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I heard about this book on one of those blogs, and while it’s definitely written in a manner that’s a bit more ‘chicken soup for the soul’ than I’d like, the message the authors (both professional dieticians who work with people with eating issues) are putting forth is interesting, empowering, and something I wish I’d been able to figure out on my own at some point.

The basic premise of the book is that, as the evidence points out, diets just don’t actually work. They don’t work for lots of different reasons, but in the end people blame themselves or their ‘willpower,’ and this leads to a cycle that, if you’ve been on more than a diet or two in your life, will seem pretty familiar. You decide to diet, you decide to cut out certain foods, you lose weight (or don’t), you eventually stop, and gain weight back, decide to diet, eat the forbidden food one last time, etc., forever. Now, of course there are people who diet, keep the weight off forever, and possibly enjoy saying things like “if I can do it, so can you!”, as though that’s somehow motivating as opposed to serving to make others just feel like they are weak or bad at life. This book is for the vast majority of us for whom diets won’t be the answer to being healthy.

So beyond pointing out the obvious, what does this book do? It seeks to help the readers to develop a health relationship with food, with the goal NOT of losing weight but of actually treating food as it should be treated. The authors want us to view food not just as fuel, but as pleasure as well (shocking, I know!). The authors want the readers to stop using food as a way to punish ourselves (carrots are good for you damn it, even if you hate them, EAT THEM) or to cover up our feelings. It’s a pretty radical approach for those of us who have struggled with food issues (although for those of you who never have, I’m willing to bet that it all seems extremely natural, which could be WHY you’ve never had food issues).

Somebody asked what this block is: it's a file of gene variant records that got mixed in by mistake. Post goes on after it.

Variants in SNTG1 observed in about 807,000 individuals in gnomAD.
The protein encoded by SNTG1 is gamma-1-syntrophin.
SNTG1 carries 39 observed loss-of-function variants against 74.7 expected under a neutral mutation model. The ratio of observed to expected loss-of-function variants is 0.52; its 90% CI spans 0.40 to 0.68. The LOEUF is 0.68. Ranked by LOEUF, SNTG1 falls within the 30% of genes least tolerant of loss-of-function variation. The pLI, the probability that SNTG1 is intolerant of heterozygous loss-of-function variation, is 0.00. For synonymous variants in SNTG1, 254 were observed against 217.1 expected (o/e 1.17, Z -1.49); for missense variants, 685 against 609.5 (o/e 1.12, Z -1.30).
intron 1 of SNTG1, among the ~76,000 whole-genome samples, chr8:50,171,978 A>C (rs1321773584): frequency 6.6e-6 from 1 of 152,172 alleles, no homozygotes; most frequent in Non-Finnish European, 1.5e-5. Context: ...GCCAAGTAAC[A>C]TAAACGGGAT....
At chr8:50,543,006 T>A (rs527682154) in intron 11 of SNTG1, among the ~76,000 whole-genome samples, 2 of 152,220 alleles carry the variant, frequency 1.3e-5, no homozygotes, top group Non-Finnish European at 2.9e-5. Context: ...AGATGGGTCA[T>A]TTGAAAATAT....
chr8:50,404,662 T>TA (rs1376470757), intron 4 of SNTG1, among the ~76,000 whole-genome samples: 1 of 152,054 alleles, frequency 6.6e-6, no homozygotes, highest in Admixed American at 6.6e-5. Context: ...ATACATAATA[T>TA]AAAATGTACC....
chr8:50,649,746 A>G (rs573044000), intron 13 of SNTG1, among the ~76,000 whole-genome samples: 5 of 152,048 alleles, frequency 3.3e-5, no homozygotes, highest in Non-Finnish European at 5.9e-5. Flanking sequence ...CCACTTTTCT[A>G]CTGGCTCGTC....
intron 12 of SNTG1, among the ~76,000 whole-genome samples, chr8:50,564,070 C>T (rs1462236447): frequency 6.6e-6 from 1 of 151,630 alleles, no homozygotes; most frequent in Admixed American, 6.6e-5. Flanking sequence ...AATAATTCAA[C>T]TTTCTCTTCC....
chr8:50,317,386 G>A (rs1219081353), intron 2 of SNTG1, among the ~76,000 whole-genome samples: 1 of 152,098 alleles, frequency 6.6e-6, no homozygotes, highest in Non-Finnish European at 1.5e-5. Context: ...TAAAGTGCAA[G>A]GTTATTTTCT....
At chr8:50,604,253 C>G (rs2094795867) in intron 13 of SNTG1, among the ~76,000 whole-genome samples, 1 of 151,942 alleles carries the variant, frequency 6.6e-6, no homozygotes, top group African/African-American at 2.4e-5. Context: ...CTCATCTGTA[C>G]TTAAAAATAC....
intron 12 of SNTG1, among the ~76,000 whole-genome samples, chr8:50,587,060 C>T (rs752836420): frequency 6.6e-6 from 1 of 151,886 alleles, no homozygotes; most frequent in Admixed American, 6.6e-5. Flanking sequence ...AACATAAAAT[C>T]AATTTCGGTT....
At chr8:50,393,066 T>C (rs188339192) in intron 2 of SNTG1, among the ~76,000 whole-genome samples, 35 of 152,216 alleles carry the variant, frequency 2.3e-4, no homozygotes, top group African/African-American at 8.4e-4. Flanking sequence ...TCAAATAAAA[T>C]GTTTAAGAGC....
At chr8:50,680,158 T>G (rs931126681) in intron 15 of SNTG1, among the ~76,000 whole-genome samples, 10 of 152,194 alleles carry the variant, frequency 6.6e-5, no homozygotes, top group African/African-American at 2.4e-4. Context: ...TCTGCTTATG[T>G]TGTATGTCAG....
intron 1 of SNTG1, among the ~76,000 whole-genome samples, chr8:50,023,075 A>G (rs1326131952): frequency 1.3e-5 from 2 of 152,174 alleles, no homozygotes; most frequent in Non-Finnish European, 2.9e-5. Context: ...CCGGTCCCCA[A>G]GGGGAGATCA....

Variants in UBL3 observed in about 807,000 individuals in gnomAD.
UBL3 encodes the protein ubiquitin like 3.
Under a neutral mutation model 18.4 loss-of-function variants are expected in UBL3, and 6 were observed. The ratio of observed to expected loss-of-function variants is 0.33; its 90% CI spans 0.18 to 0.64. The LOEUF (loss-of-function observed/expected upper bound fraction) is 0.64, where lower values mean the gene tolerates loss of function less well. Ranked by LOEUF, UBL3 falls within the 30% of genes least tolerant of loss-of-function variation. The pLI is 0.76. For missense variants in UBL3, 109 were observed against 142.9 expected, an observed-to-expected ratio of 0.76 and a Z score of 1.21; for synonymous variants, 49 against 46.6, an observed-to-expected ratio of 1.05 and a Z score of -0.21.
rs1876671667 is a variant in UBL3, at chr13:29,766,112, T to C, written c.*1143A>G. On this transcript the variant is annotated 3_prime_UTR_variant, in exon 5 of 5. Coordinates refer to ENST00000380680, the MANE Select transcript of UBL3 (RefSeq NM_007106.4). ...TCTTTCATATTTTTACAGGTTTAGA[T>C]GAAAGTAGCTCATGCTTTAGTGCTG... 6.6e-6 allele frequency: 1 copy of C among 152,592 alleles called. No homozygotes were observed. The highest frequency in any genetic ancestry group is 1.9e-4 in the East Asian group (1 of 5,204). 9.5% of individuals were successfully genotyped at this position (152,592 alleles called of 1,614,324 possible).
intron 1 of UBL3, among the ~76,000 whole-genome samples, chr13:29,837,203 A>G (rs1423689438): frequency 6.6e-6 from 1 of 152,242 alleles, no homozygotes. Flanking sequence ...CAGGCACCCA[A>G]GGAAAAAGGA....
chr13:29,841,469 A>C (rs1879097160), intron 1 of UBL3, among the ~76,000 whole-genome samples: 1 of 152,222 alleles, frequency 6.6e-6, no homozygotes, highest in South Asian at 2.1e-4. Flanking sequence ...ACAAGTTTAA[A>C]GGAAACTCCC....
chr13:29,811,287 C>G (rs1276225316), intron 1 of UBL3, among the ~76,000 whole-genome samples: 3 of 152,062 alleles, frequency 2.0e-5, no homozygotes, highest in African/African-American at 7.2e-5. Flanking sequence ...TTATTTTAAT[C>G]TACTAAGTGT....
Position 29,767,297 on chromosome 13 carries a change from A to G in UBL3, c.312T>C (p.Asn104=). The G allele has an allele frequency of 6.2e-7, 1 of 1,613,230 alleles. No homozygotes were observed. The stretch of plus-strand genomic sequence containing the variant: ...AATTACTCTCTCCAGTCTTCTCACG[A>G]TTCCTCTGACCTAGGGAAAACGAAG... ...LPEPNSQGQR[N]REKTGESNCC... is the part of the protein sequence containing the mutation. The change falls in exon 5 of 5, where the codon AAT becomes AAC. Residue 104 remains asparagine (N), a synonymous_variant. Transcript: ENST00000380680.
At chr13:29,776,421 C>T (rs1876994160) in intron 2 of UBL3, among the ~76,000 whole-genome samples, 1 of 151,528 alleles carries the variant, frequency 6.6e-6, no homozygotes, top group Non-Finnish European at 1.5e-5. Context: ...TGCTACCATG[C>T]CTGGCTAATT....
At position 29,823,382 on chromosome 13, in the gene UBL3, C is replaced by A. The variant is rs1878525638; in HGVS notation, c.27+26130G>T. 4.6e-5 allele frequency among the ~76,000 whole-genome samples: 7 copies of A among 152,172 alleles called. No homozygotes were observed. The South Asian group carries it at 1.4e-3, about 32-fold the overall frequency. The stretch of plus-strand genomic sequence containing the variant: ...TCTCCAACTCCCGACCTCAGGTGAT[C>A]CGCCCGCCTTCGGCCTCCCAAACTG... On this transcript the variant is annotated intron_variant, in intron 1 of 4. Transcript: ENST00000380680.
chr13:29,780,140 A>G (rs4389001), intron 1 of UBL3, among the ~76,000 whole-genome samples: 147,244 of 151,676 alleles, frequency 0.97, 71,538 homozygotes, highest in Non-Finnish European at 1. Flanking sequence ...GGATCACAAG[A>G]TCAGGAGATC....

How does it purport to work? There are ten ‘principles,’ but the focus is not on perfection or failure; instead it wants you to focus on the process of slowly improving your relationship with food. As you go through this process, if you’ve had an unhealthy relationship so far, your weight should normalize, and part of the process is recognizing that a normal weight for you may not be the weight you’ve always dreamed of, and that’s OKAY. Again, kind of a radical thought, especially in a culture that spends so much time saying “if you work hard enough, you can do anything!” I can tell you right now, that unless I stopped eating for a year, removed some ribs and somehow shrunk the width of my pelvic bones, I’m never going to have they body of Gwyneth Paltrow. So why torture myself to get there?

The principles are: Reject the Diet Mentality, Honor Your Hunger, Make Peace with Food, Challenge the Food Police, Feel Your Fullness, Discover the Satisfaction Factor, Cope with Your Emotions Without Using Food, Respect Your Body, Exercise – Feel the Difference, Honor Your Health – Gentle Nutrition.